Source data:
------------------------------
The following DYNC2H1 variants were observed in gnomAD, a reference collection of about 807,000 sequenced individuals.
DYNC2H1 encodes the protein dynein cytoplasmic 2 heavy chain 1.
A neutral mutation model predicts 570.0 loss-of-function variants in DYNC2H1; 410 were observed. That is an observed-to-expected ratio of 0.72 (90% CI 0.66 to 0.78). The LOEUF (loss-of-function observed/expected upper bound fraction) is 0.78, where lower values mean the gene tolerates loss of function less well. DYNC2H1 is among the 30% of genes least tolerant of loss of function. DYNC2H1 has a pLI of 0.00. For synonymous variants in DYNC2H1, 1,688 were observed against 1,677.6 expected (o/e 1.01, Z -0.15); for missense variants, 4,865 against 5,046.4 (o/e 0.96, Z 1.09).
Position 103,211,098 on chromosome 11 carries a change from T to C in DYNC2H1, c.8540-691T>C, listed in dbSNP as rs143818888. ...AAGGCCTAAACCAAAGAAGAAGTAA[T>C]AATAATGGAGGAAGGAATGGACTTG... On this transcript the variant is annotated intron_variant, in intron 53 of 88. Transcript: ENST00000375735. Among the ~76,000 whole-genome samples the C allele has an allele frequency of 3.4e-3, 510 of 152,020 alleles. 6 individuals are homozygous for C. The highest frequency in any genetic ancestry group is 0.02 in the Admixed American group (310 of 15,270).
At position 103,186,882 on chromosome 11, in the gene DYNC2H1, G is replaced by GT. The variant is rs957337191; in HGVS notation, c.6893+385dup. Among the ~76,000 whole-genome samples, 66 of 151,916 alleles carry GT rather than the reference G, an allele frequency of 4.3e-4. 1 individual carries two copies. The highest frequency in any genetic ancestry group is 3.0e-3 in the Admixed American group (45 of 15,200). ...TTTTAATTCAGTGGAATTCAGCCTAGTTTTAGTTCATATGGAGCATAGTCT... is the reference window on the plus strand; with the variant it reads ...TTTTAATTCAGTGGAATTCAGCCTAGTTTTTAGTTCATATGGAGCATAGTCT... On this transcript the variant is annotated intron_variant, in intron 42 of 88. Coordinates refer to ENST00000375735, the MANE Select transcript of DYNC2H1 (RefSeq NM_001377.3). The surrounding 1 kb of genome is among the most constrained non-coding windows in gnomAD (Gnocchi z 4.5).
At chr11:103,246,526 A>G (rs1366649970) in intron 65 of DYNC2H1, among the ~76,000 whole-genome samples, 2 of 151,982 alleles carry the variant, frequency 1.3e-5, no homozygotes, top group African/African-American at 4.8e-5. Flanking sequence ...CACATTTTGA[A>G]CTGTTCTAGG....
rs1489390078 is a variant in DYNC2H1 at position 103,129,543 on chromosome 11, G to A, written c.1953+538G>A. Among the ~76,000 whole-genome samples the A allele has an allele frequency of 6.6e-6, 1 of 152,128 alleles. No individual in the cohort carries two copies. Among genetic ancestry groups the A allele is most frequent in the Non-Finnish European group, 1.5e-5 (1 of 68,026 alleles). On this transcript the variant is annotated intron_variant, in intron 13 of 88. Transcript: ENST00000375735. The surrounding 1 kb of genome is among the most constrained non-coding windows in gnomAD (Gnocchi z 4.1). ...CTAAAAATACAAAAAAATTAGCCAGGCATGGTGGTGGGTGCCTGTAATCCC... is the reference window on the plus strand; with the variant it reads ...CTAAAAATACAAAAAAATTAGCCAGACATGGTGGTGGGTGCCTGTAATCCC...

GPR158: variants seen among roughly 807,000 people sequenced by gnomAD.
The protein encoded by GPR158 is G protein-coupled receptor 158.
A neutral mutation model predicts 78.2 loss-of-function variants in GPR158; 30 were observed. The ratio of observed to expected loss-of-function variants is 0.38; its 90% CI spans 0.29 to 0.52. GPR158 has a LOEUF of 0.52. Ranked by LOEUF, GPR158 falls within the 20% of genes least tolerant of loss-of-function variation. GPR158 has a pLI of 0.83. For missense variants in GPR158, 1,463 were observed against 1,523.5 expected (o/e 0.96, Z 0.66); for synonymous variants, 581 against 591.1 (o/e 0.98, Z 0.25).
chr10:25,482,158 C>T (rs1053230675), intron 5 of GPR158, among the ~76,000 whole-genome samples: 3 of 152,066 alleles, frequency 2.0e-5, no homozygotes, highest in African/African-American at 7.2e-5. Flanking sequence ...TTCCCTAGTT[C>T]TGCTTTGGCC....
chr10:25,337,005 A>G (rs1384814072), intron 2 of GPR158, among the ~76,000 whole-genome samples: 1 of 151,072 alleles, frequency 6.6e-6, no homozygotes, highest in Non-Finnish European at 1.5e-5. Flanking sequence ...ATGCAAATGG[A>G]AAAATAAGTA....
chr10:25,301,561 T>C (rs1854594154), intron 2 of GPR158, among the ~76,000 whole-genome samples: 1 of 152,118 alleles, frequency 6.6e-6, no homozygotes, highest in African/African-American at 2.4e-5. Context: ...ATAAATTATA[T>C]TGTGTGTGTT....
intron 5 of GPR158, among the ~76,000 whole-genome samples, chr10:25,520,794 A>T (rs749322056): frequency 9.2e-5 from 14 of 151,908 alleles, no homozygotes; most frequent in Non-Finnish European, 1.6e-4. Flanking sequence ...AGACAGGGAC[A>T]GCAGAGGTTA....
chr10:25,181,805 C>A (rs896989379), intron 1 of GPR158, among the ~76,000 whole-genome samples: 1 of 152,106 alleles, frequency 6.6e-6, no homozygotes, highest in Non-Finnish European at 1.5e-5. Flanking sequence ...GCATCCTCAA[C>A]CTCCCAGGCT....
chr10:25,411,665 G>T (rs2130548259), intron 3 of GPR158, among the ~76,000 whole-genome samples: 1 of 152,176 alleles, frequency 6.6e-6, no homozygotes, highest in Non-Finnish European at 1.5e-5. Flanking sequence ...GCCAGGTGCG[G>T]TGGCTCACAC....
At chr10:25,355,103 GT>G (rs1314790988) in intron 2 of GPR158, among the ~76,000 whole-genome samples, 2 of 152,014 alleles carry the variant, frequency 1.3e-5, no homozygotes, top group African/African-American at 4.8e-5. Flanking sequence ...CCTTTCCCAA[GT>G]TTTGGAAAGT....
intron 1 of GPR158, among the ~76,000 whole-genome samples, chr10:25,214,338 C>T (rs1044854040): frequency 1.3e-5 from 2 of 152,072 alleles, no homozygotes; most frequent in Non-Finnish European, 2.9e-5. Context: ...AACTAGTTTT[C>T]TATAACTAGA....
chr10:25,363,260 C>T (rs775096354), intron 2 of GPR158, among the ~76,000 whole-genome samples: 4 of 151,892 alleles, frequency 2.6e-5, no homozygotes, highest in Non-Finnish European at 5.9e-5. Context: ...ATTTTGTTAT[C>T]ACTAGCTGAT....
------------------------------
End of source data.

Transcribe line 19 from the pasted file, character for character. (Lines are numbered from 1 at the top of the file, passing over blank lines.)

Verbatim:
chr10:25,363,260 C>T (rs775096354), intron 2 of GPR158, among the ~76,000 whole-genome samples: 4 of 151,892 alleles, frequency 2.6e-5, no homozygotes, highest in Non-Finnish European at 5.9e-5. Context: ...ATTTTGTTAT[C>T]ACTAGCTGAT....